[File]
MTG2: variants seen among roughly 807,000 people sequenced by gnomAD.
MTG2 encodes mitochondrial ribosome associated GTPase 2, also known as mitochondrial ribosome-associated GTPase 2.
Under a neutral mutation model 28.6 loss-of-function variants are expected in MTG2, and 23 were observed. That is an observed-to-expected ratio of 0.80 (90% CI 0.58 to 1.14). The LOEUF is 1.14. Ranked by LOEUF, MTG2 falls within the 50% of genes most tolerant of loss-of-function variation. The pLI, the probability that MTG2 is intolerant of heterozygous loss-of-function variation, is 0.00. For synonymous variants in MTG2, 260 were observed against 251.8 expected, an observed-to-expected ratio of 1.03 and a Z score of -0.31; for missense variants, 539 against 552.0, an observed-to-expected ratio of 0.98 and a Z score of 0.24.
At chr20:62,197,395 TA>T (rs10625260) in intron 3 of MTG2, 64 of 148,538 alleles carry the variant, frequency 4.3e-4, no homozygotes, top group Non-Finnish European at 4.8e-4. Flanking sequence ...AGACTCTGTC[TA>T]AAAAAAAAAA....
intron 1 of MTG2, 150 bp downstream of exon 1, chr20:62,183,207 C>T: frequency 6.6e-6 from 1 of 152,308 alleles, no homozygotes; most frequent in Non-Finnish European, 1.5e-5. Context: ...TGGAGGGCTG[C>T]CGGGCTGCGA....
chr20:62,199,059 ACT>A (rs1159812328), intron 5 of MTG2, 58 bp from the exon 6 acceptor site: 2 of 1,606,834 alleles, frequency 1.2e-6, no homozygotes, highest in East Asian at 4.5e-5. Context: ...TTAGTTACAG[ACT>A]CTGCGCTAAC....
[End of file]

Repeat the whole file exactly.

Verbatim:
MTG2: variants seen among roughly 807,000 people sequenced by gnomAD.
MTG2 encodes mitochondrial ribosome associated GTPase 2, also known as mitochondrial ribosome-associated GTPase 2.
Under a neutral mutation model 28.6 loss-of-function variants are expected in MTG2, and 23 were observed. That is an observed-to-expected ratio of 0.80 (90% CI 0.58 to 1.14). The LOEUF is 1.14. Ranked by LOEUF, MTG2 falls within the 50% of genes most tolerant of loss-of-function variation. The pLI, the probability that MTG2 is intolerant of heterozygous loss-of-function variation, is 0.00. For synonymous variants in MTG2, 260 were observed against 251.8 expected, an observed-to-expected ratio of 1.03 and a Z score of -0.31; for missense variants, 539 against 552.0, an observed-to-expected ratio of 0.98 and a Z score of 0.24.
At chr20:62,197,395 TA>T (rs10625260) in intron 3 of MTG2, 64 of 148,538 alleles carry the variant, frequency 4.3e-4, no homozygotes, top group Non-Finnish European at 4.8e-4. Flanking sequence ...AGACTCTGTC[TA>T]AAAAAAAAAA....
intron 1 of MTG2, 150 bp downstream of exon 1, chr20:62,183,207 C>T: frequency 6.6e-6 from 1 of 152,308 alleles, no homozygotes; most frequent in Non-Finnish European, 1.5e-5. Context: ...TGGAGGGCTG[C>T]CGGGCTGCGA....
chr20:62,199,059 ACT>A (rs1159812328), intron 5 of MTG2, 58 bp from the exon 6 acceptor site: 2 of 1,606,834 alleles, frequency 1.2e-6, no homozygotes, highest in East Asian at 4.5e-5. Context: ...TTAGTTACAG[ACT>A]CTGCGCTAAC....